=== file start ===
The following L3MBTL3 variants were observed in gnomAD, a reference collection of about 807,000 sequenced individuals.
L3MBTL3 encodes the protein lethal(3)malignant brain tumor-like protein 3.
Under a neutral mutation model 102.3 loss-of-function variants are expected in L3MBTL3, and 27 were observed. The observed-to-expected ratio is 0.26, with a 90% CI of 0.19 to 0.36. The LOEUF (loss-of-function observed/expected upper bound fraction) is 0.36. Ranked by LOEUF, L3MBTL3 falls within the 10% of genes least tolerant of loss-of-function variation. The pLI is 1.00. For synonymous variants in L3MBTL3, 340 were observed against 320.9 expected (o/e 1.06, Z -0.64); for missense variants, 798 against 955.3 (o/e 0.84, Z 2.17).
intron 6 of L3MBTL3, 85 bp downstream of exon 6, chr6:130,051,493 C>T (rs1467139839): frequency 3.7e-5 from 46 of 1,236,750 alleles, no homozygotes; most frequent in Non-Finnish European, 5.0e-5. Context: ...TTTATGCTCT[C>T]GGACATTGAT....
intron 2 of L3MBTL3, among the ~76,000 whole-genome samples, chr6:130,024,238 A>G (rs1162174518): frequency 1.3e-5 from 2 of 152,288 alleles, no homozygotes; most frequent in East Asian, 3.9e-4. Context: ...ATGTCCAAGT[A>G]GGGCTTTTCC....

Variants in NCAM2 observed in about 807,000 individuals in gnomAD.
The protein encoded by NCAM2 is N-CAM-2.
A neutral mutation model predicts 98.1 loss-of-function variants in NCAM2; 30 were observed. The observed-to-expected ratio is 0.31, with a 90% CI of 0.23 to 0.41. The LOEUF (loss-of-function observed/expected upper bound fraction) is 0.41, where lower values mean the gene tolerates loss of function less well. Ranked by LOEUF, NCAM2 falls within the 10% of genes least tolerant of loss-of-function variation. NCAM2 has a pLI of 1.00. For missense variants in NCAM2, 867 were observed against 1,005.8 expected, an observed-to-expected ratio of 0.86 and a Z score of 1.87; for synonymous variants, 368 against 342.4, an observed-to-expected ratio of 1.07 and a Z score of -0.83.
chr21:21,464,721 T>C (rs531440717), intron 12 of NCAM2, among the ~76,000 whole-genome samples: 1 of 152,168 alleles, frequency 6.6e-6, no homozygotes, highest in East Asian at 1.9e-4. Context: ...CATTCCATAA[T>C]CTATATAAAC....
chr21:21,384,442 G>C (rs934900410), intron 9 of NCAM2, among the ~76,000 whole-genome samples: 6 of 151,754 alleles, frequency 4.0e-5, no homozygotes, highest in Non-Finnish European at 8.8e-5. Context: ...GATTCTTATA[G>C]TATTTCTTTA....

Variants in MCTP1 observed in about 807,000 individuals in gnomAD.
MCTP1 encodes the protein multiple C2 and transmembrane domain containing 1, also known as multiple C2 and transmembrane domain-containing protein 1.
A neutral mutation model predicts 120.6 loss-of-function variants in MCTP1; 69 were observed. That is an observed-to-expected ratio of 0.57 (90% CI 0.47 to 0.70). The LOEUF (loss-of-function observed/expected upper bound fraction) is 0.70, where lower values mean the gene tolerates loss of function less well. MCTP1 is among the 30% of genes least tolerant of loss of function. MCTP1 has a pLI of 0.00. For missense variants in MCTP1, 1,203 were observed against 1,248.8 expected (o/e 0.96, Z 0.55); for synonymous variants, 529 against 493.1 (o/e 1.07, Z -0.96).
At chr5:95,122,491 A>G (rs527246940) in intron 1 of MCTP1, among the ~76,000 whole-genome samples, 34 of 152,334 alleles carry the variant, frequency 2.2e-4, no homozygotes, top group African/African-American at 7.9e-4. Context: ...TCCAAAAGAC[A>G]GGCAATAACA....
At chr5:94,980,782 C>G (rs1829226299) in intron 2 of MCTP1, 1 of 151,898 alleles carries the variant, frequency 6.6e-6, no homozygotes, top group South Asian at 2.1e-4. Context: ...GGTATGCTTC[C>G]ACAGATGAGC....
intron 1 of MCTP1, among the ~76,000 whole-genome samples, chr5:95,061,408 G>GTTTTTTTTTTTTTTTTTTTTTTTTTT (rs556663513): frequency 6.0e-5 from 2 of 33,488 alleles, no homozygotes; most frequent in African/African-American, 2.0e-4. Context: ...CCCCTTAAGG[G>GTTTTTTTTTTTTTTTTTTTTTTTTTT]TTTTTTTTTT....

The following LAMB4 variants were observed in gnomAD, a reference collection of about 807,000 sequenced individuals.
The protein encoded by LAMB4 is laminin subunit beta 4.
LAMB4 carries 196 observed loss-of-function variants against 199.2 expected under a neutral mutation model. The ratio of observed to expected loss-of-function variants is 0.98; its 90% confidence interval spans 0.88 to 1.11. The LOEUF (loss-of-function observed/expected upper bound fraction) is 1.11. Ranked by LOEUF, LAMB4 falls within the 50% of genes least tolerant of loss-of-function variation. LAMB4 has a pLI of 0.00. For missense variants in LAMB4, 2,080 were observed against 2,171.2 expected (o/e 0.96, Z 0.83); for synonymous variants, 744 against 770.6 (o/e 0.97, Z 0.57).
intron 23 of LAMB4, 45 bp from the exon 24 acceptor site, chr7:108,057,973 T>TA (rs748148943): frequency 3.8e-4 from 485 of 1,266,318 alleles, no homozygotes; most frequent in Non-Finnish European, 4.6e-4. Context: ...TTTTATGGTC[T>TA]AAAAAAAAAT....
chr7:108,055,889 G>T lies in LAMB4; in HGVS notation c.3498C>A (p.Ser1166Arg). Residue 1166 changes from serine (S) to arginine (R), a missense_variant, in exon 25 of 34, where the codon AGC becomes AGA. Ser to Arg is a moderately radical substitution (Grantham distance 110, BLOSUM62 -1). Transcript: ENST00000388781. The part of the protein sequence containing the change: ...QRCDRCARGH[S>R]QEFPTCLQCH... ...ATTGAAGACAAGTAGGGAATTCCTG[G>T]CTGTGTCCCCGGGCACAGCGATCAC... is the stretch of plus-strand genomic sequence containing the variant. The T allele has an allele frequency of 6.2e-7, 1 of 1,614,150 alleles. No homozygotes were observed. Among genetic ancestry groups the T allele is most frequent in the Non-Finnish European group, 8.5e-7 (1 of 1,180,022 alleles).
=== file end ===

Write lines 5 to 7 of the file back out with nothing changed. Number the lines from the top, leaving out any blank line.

intron 2 of L3MBTL3, among the ~76,000 whole-genome samples, chr6:130,024,238 A>G (rs1162174518): frequency 1.3e-5 from 2 of 152,288 alleles, no homozygotes; most frequent in East Asian, 3.9e-4. Context: ...ATGTCCAAGT[A>G]GGGCTTTTCC....

Variants in NCAM2 observed in about 807,000 individuals in gnomAD.
The protein encoded by NCAM2 is N-CAM-2.